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      U.P. Gardening Tip - August 5, 2009

      Recently, I had the opportunity to visit seven Marquette area gardens on the Marquette Beautification and Restorative Committee TMs Annual Garden Tour. I was astounded and humbled as always by the sheer beauty of our Upper Michigan gardens.

      I have to remark on one of the public sites that volunteers maintain. It TMs the flower bed in front of the Welcome to Marquette sign drivers see when ambling east on Hwy 41/28 towards Lake Superior. The spot is near where this HWY divides and separates through downtown Marquette. Travelers heading east will see a beautiful well-kept flower bed with very tall blue delphiniums swaying in the off shore Lake Superior wind.

      To see them from the highway is nothing like seeing the flowers up close. On the garden tour, I walked right up next to them. It was a visual and olfactory treat. It brought back many memories of summers spent at Blue Beauty Cottage in northern Wisconsin. My maternal grandmother often sheltered me there during the summers of my childhood. She had a tall garden of blue delphiniums, hollyhocks, morning glory vines and snapdragons. The delphinium became my favorite because its petals were the color of her Finnish cerulean-blue eyes. I remember one summer bouquet where she placed cut blue delphiniums (she called them Larkspur and purred the name) and red gladiolus in a glass gallon pickle jar. It was stunning. I had told her: If I was a bumble bee, I would faint.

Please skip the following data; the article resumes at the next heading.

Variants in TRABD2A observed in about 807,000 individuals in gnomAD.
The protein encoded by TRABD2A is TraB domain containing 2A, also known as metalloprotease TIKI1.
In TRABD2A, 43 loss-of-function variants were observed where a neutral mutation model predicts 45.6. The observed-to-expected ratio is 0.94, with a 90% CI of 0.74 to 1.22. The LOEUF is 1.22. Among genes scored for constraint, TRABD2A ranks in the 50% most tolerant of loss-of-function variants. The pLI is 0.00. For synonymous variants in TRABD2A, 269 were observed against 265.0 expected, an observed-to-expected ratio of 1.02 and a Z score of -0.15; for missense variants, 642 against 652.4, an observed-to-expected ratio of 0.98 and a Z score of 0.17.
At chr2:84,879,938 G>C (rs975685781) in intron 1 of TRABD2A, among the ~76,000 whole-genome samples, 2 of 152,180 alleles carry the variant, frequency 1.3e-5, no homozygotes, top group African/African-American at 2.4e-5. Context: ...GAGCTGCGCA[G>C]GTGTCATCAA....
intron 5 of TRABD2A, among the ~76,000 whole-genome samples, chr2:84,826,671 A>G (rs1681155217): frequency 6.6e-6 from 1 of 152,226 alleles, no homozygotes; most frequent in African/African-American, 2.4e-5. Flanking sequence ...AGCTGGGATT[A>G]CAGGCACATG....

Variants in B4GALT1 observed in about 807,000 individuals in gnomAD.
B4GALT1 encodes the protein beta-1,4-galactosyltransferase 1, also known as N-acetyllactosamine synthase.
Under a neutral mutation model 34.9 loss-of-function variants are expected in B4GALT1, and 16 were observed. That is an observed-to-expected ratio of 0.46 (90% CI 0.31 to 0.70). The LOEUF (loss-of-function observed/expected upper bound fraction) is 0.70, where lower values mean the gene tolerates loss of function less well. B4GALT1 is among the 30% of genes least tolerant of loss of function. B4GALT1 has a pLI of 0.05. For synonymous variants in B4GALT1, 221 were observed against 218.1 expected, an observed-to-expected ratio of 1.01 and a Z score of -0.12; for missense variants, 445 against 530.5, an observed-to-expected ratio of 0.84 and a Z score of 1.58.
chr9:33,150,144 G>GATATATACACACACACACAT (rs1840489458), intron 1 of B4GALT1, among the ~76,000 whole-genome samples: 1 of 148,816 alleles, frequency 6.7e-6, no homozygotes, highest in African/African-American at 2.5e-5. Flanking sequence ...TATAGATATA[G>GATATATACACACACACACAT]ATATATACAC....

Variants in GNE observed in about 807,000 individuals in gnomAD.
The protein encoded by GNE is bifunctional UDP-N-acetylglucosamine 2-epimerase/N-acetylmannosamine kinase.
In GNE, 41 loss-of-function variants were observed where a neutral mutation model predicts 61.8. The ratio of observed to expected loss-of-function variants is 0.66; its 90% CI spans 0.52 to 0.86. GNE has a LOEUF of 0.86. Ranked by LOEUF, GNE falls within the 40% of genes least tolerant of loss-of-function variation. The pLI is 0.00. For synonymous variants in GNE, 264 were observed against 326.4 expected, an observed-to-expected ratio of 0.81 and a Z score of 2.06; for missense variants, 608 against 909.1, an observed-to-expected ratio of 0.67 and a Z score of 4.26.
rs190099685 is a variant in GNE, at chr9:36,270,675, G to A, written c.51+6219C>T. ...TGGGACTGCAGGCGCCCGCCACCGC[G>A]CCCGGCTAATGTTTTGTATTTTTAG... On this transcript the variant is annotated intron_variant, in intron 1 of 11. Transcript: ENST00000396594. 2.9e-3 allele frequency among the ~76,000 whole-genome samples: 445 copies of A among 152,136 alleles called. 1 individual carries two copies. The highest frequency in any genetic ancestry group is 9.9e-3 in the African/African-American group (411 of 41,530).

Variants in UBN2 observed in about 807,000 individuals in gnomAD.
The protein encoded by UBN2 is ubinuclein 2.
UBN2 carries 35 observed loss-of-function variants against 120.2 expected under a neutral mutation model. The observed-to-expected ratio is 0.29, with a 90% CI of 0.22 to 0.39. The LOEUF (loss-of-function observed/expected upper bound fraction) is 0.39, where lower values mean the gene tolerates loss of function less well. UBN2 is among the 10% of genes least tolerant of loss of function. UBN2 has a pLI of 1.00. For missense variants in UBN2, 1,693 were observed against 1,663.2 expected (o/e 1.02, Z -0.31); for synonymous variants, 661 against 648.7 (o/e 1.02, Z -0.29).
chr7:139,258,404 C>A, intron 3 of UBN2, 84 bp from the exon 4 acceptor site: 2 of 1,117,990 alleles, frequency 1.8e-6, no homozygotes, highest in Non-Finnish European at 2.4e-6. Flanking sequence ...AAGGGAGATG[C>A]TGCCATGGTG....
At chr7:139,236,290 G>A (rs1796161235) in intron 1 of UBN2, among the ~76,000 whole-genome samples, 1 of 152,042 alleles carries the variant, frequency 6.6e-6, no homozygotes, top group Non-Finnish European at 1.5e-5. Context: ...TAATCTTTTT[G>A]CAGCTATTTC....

Delphiniums are a rather fussy plant to grow but well worth it. Because the delphinium produces tall spikes of heavy showy flowers, their stems can weaken. They are hollow and can snap in half from high winds. Support these flowers against a stone wall, side of a garage or fence. Delphiniums need full sun but are not drought resistant. They need moist soil, monthly composting and a feed of 5-10-5 fertilizer every year. They lose their vitality after 3 years and need to be re-seeded. Propagate by cutting, careful division or seed planting. Bumble bees and butterflies also pollinate these magnificent blues.

      TV6 Contributor - Donna Campbell, Master Gardener

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